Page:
Hypotonic Hyponatremia: Classification and Pathogenesis . Traditionally, patients with hyponatremia are divided into categories according to their body sodium content and/or intravascular volume: low body sodium content (volume depletion); high body sodium content (edematous conditions) or normal body sodium content (euvolemic hyponatremia or SIADH) Read Dr. Rondon's comprehensive review of hyponatremia in International Urology and Nephrology. Study Abstract. Defined as a serum sodium concentration of less than 135 mEq/L, hyponatremia is the most common electrolyte disorder, seen in 20 to 35 percent of hospitalized patients Dilutional hyponatremia, also known as water intoxication, is a potentially life-threatening condition which occurs when a person consumes too much water without an adequate intake of electrolytes. To put it simply, water in the body needs to contain enough salts and other ions, called electrolytes, to keep the body's cells functioning properly
Table 1. Classification of Hyponatremia (US units: mEq/L) 1, 2. So far, not horrible; Right? EPIDEMIOLOGY. We need to talk about epidemiology not because every chapter on any disease starts out this way but because it will help us down the road. So lets push on. Hyponatremia is probably the most common electrolyte abnormality 3 Hyponatremia in cirrhosis is a frequent thing in those whose condition has reached end-stage liver disease. It happens in different ways and could be more severe in some people than in others. However, experts say that it occurs in about 57% of cirrhosis patients in hospital admission Hyponatremia by definition is described as serum Na <135 meq/l and severe hyponatremia is sodium levels less than 120meq/l. It is seen up to ~30% of patients in ICU settings 1-3. Clinical presentation Development of symptoms less than 48 hours. electrolyte management: hyponatremia: [ man´ij-ment ] the process of controlling how something is done or used. acid-base management in the nursing interventions classification , a nursing intervention defined as the promotion of acid-base balance and prevention of complications resulting from acid-base imbalance. acid-base management:. Hyponatremia is a common electrolyte disorder in children. It is generally defined as plasma sodium of less than 135 mmol/l. Sodium homeostasis is essential for maintaining intravascular volume and is tightly linked to water balance. Plasma water volume is regulated mainly by the secretion of an antidiuretic hormone (ADH) and by the thirst mechanism
In the interest of providing consistent and clear classification of hyponatremia that is directly relevant for patient management, the authors provided definitions of hyponatremia based on three factors: serum sodium concentration, duration of disease, and symptoms The electrolyte disturbance hyponatremia (British hyponatraemia) exists in humans when the sodium (Natrium in Latin) concentration in the plasma falls below 135 mmol/L. At lower levels water intoxication may result, an urgently dangerous condition. Hyponatremia is an abnormality that can occur in isolation or, as most often is the case, as a complication of other medical illnesses Hyponatraemia (Hyponatremia) - Classification... Armando Hasudungan views: 1013 . Diabetes Type II - Pathophysiology. Armando Hasudungan views: 635 . Endocrinology - Calcium and Phosphate Regulat... Armando Hasudungan views: 887 . Insulin and Glucagon Overview. Armando. Careful assessment and classification is important to direct diagnosis and treatment, reduce the risk of substantial morbidity and mortality in acute severe cases, and avoid the neurological complications associated with overly rapid correction. 4 In the ICU, hyponatremia is associated most frequently with chronic conditions such as congestive.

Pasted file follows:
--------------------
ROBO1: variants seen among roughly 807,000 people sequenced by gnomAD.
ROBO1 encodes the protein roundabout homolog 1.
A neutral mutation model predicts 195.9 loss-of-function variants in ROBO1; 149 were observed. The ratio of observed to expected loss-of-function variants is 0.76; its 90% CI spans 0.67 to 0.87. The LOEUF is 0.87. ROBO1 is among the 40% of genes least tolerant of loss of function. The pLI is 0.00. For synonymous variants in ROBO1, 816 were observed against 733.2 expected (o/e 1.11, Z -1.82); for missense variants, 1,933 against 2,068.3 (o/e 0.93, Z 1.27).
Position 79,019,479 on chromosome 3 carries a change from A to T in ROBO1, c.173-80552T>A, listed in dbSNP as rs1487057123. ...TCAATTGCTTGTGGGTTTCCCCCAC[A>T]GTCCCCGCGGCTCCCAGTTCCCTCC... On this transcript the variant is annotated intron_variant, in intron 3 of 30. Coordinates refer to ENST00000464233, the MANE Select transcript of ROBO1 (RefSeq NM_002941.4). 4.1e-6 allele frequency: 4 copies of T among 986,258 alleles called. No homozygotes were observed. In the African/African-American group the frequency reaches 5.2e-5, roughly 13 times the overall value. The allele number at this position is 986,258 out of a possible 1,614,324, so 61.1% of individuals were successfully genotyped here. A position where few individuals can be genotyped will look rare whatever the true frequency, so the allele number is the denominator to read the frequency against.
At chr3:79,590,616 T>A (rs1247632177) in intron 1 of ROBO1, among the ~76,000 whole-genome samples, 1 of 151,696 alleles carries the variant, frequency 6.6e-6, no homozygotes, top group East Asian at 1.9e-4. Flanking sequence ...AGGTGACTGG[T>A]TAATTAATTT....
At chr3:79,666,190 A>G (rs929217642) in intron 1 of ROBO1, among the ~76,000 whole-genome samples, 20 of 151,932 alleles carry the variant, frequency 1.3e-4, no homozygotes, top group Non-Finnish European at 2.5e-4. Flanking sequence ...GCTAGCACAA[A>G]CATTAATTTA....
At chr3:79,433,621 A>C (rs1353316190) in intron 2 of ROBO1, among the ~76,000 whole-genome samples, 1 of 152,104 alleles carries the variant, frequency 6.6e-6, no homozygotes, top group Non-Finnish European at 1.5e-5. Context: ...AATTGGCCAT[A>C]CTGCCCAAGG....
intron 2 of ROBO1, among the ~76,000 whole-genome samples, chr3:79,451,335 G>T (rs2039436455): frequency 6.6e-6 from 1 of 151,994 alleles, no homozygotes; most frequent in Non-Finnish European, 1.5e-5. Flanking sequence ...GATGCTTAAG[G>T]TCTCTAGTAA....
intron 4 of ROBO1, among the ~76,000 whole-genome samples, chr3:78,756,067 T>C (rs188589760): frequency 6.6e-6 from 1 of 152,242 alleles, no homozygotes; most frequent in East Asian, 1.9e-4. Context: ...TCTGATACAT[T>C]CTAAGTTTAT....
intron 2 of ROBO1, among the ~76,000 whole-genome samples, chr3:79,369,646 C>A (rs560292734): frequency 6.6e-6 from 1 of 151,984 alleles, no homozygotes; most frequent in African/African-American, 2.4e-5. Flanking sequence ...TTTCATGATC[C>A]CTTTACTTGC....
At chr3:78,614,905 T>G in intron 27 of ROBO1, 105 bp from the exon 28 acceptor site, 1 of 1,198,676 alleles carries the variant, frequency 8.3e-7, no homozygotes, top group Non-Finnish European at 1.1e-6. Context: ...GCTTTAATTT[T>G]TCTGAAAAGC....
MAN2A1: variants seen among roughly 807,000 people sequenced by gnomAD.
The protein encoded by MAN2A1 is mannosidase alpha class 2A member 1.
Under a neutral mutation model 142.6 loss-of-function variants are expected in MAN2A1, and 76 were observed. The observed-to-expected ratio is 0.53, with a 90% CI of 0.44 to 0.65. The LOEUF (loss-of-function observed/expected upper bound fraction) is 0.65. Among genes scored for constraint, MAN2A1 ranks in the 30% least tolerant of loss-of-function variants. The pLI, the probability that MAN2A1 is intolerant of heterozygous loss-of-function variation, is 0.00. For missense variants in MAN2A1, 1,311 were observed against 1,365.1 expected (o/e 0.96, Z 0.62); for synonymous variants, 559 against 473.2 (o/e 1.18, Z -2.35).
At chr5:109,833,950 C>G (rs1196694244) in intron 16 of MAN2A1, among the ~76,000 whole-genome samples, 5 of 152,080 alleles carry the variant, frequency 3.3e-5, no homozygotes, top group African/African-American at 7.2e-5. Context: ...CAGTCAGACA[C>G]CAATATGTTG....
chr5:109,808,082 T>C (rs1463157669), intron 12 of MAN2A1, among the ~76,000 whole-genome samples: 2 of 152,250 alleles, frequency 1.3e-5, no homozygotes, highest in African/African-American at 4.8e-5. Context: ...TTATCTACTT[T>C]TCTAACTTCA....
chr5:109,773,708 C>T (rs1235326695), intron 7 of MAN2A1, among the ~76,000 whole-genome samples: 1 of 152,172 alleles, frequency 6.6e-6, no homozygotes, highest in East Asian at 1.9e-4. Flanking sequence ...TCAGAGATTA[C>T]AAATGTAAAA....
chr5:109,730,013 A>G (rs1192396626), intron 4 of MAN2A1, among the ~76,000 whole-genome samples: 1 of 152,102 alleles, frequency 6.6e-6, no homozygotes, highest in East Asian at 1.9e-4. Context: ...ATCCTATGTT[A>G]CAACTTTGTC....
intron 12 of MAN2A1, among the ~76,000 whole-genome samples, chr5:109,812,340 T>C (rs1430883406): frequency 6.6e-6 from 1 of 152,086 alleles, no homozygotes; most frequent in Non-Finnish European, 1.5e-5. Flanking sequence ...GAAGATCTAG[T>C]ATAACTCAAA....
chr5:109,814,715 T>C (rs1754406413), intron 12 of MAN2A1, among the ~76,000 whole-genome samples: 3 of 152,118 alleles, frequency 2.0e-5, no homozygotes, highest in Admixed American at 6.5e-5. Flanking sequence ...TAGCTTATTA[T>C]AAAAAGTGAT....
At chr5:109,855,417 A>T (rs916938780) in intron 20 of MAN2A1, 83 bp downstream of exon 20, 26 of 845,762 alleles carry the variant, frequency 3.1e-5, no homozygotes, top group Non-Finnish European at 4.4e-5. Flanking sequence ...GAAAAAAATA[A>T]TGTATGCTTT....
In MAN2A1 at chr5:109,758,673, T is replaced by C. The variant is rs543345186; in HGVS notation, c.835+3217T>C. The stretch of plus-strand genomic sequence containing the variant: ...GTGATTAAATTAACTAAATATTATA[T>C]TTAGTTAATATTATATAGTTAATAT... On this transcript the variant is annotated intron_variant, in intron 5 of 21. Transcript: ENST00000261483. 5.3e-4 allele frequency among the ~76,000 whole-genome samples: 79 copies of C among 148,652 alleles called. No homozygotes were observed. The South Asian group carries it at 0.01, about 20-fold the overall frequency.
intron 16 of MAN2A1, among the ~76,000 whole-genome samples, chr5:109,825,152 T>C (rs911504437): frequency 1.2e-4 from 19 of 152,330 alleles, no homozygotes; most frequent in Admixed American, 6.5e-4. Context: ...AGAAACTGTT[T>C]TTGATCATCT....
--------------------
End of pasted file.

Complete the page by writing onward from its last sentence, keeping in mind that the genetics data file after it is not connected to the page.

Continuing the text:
Hyponatremia is one of the most common electrolyte abnormalities that has been described primarily in hospitalized patients; the prevalence of hyponatremia in hospitalized patients has been reported to be as high as 42% in some studies. 1,2 Hyponatremia has been associated with various adverse clinical outcomes such as increased mortality, 3. Hyponatremia is an often overlooked and undertreated electrolyte disorder with serious clinical and economic outcomes in hospitalized patients. This activity will provide an overview of hyponatremia management in hospitalized patients, including normal sodium regulation and the pathophysiology, prevalence, and outcomes associated with hyponatremia
Hyponatremia is a common water balance disorder that often poses a diagnostic or therapeutic challenge. Classification of volume status was made retrospectively after patient discharge based. Classification of hyponatremia based on sodium values and symptoms i. This type of classification helps one to determine level of care and treatment. ii. Not all hyponatremia is symptomatic 1. Generally, people with a Na > 130 are asymptomatic. iii. Mild: 125-130 1. S/S: anorexia, apathy, restlessness, nausea, lethargy, muscle cramps iv. Hyponatremia occurs because of an imbalance of water and sodium. Most frequently it occurs when excessive water dilutes the amount of sodium in the body or when not enough total sodium is present in the body. A common classification of hyponatremia is based on the amount of total body water that is present. Normal volume (euvolemic) hyponatremia Valid for Submission. E87.1 is a billable diagnosis code used to specify a medical diagnosis of hypo-osmolality and hyponatremia. The code E87.1 is valid during the fiscal year 2021 from October 01, 2020 through September 30, 2021 for the submission of HIPAA-covered transactions Patients hospitalized with a principal diagnosis of hyponatremia (n = 11 213) were compared with matched controls (n = 44 801).Linkage of national population-based registers was used to acquire data. Multivariable logistic regression adjusting for co-medications, diseases, previous hospitalizations, and socioeconomic factors was used to explore the association between hospitalization for. The volemic classification fails to include spurious (false) and/or artifactual hyponatremia, which is addressed in the osmolar classification. This includes hyponatremia that occurs in the presence of massive hypertriglyceridemia, severe hyperglycemia, and extreme elevation of immunoglobulin levels